Sam discovers more about his past when he finds himself on his father’s trail on “Life on Mars” (9 p.m., ABC). “Mars” stars Jason O’Mara as Sam, a police detective who suffers a severe trauma only to awaken in 1973 working in a precinct house dominated by a cranky chief (Harvey Keitel) with a decidedly antique take on police procedure, not to mention retro attitudes toward women and minorities.
In each episode, “Mars” works through a self-contained crime story and presents new clues as to Sam’s strange and mystical predicament.
In a year hardly known for breakout hits, “Mars” has had to compete with the departing “ER” and the popular new CBS detective series “Eleventh Hour.”
This season has been hard on dramas with elaborate set-ups. The demise of NBC’s “My Own Worst Enemy” is a clear sign that convoluted mysteries have lost their allure. The rise of “NCIS,” the success of “The Mentalist” and the enduring dominance of the “CSI” franchise demonstrate viewers’ desire for an hour-long viewing experience with a beginning, middle and end.
Perhaps the gloom and uncertainty of the economy have given murky mysteries a bad name. And after a heated election that dominated the national conversation for more than a year, viewers may be looking for stories with resolutions that don’t require a major commitment.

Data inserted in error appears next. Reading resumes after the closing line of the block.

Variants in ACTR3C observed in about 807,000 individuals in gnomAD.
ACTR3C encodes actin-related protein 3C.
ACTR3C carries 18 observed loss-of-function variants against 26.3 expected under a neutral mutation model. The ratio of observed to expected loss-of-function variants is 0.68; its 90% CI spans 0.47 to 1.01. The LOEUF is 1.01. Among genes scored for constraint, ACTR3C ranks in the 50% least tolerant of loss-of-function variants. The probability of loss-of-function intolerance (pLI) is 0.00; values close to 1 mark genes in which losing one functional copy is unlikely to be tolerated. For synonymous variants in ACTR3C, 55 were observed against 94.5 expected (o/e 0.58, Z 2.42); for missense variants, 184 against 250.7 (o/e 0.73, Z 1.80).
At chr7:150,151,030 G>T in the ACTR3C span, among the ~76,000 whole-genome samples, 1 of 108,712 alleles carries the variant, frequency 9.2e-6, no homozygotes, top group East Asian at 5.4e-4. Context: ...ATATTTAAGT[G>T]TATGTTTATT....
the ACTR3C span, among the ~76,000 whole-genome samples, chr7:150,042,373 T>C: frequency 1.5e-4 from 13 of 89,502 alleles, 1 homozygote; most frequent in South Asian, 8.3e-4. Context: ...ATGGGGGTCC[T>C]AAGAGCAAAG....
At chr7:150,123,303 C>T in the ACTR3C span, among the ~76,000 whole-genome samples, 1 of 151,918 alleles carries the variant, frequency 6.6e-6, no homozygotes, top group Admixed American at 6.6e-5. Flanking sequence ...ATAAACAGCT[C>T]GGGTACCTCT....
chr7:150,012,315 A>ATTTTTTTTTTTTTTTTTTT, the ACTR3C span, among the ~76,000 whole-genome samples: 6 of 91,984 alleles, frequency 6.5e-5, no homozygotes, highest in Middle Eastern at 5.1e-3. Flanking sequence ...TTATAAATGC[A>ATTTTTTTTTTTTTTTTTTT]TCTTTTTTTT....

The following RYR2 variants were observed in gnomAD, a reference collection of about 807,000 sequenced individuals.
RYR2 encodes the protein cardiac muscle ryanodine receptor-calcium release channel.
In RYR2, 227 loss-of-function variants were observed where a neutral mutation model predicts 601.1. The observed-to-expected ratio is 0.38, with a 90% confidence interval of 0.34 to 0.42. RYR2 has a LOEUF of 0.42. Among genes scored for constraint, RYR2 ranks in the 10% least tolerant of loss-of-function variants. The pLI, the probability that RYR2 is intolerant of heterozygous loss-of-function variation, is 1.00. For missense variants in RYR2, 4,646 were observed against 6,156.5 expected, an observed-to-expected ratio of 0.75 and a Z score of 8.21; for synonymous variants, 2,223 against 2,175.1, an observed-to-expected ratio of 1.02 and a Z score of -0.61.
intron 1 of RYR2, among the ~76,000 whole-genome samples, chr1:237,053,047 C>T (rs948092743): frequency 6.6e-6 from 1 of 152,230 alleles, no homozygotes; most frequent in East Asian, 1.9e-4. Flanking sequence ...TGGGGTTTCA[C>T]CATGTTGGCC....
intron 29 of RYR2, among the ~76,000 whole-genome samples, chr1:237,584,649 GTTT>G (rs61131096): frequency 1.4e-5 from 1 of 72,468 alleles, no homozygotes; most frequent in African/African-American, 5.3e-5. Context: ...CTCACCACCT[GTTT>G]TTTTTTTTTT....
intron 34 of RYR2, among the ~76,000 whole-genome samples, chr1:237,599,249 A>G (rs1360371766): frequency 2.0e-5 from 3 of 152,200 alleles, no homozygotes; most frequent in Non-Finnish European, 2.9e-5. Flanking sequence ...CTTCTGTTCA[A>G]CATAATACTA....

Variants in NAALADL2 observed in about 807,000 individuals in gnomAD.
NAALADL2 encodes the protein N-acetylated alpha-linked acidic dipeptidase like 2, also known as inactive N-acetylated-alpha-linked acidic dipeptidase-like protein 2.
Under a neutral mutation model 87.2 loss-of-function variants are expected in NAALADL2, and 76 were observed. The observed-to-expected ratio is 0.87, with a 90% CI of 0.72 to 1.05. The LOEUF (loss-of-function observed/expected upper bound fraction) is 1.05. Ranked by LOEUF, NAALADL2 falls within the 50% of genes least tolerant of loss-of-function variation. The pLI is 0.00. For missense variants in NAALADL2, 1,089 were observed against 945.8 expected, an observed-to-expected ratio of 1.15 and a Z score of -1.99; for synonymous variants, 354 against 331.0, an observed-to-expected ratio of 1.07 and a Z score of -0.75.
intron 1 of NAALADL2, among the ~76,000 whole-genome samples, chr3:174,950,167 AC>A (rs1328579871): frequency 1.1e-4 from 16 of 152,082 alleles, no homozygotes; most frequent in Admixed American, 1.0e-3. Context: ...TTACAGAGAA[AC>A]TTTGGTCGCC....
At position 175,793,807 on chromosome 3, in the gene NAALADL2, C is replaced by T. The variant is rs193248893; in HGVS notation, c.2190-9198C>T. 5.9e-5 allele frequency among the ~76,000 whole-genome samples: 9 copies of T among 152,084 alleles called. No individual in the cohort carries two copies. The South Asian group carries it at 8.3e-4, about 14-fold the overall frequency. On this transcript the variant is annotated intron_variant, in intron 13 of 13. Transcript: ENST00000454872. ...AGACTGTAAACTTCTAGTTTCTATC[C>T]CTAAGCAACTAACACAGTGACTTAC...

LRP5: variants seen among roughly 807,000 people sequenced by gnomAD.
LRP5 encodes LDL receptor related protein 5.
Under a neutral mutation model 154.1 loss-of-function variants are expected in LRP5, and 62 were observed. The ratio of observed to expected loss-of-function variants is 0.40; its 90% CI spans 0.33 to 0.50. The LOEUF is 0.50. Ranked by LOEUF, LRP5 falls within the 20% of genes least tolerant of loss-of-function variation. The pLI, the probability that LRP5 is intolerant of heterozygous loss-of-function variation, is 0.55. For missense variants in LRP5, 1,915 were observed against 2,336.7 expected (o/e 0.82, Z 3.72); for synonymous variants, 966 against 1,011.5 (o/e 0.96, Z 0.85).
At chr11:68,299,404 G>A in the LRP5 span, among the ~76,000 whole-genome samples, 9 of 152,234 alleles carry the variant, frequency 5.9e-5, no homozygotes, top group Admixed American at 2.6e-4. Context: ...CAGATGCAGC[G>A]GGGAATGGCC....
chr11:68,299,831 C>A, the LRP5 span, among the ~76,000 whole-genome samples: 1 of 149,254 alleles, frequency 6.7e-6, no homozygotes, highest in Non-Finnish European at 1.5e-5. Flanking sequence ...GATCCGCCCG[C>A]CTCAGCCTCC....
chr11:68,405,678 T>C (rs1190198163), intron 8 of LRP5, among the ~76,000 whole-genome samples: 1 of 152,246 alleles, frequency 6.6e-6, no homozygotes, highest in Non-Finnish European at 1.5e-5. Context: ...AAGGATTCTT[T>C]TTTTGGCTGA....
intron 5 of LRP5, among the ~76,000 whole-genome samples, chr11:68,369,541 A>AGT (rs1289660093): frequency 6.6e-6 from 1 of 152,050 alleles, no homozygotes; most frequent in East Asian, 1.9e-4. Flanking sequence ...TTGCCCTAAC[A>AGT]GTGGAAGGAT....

Straddling the line between complex drama and straight-forward detective story, “Mars” may or may not survive this trend. If not, we may never know why Sam ended up in the year “Dark Side of the Moon” debuted and if he ever escapes.
Or, for that matter, if he cheats on his 2008 girlfriend (Lisa Bonet) with a fetching fellow officer (Gretchen Mol) from the Nixon era. As a song of that period extolled, if you can’t be with the one you love, love the one you’re with.
• Speaking of Mars, “Martian Chronicles” author Ray Bradbury appears with host Robert Osborne to act as guest-programmer for a night on Turner Classic Movies. His choices include two silent classics starring Lon Chaney, “The Phantom of the Opera” (7 p.m.) and “The Hunchback of Notre Dame” (8:45 p.m.). He also chose “Rebecca” (10:45 p.m.) and “Citizen Kane” (1 a.m.).
• Expedition week continues with “Lost Cities of the Amazon” (8 p.m., National Geographic). Peter Coyote narrates this documentary look at efforts to find legendary cities of gold described by a Spanish cleric accompanying early Spanish Conquistadors. Long consigned to the realm of myth and colonial propaganda, these stories have recently been supported by surprising archeological discoveries.
Tonight’s other highlights
• As tornadoes strike Camden, Randy assumes superpowers on “My Name is Earl” (7 p.m., NBC).
• Boston hosts Detroit in NBA action (7 p.m., TNT).
• Betty competes with Marc for a spot in a training course that could provide an elevation in salary and status on “Ugly Betty” (7 p.m., ABC).
• Accusations fly when nobody assumes responsibility for a mess in the microwave oven on “The Office” (8 p.m., NBC).
• Jack’s old friend (Steve Martin) admires Liz on “30 Rock” (8:30 p.m., NBC).